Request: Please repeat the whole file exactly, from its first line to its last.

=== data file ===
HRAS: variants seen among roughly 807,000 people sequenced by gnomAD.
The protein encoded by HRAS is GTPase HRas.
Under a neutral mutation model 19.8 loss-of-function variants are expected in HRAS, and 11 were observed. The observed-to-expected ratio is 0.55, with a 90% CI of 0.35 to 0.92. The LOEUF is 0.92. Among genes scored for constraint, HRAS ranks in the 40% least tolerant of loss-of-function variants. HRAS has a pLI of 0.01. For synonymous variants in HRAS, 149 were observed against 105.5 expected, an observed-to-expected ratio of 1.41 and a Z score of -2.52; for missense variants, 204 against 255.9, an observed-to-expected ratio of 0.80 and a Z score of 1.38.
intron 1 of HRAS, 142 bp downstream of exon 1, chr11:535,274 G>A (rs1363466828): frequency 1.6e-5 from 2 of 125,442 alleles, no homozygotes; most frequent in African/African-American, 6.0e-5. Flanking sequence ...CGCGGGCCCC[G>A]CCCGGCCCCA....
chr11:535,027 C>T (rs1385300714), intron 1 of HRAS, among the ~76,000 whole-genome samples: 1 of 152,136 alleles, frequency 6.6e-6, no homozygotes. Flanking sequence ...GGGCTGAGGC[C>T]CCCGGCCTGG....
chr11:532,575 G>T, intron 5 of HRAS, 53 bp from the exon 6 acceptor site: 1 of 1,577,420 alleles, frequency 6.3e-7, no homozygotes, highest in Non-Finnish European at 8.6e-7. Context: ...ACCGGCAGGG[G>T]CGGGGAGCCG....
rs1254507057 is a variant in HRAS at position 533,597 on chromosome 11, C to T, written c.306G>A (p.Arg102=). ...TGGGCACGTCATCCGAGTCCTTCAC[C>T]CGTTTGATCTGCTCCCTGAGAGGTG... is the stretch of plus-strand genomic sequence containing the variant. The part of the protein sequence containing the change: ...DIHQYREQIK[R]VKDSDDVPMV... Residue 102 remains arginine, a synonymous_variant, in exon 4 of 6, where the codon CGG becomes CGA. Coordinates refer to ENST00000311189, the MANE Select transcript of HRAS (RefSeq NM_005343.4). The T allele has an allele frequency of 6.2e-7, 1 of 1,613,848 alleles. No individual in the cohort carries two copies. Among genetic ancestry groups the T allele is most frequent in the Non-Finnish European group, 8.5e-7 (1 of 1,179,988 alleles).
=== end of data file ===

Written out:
HRAS: variants seen among roughly 807,000 people sequenced by gnomAD.
The protein encoded by HRAS is GTPase HRas.
Under a neutral mutation model 19.8 loss-of-function variants are expected in HRAS, and 11 were observed. The observed-to-expected ratio is 0.55, with a 90% CI of 0.35 to 0.92. The LOEUF is 0.92. Among genes scored for constraint, HRAS ranks in the 40% least tolerant of loss-of-function variants. HRAS has a pLI of 0.01. For synonymous variants in HRAS, 149 were observed against 105.5 expected, an observed-to-expected ratio of 1.41 and a Z score of -2.52; for missense variants, 204 against 255.9, an observed-to-expected ratio of 0.80 and a Z score of 1.38.
intron 1 of HRAS, 142 bp downstream of exon 1, chr11:535,274 G>A (rs1363466828): frequency 1.6e-5 from 2 of 125,442 alleles, no homozygotes; most frequent in African/African-American, 6.0e-5. Flanking sequence ...CGCGGGCCCC[G>A]CCCGGCCCCA....
chr11:535,027 C>T (rs1385300714), intron 1 of HRAS, among the ~76,000 whole-genome samples: 1 of 152,136 alleles, frequency 6.6e-6, no homozygotes. Flanking sequence ...GGGCTGAGGC[C>T]CCCGGCCTGG....
chr11:532,575 G>T, intron 5 of HRAS, 53 bp from the exon 6 acceptor site: 1 of 1,577,420 alleles, frequency 6.3e-7, no homozygotes, highest in Non-Finnish European at 8.6e-7. Context: ...ACCGGCAGGG[G>T]CGGGGAGCCG....
rs1254507057 is a variant in HRAS at position 533,597 on chromosome 11, C to T, written c.306G>A (p.Arg102=). ...TGGGCACGTCATCCGAGTCCTTCAC[C>T]CGTTTGATCTGCTCCCTGAGAGGTG... is the stretch of plus-strand genomic sequence containing the variant. The part of the protein sequence containing the change: ...DIHQYREQIK[R]VKDSDDVPMV... Residue 102 remains arginine, a synonymous_variant, in exon 4 of 6, where the codon CGG becomes CGA. Coordinates refer to ENST00000311189, the MANE Select transcript of HRAS (RefSeq NM_005343.4). The T allele has an allele frequency of 6.2e-7, 1 of 1,613,848 alleles. No individual in the cohort carries two copies. Among genetic ancestry groups the T allele is most frequent in the Non-Finnish European group, 8.5e-7 (1 of 1,179,988 alleles).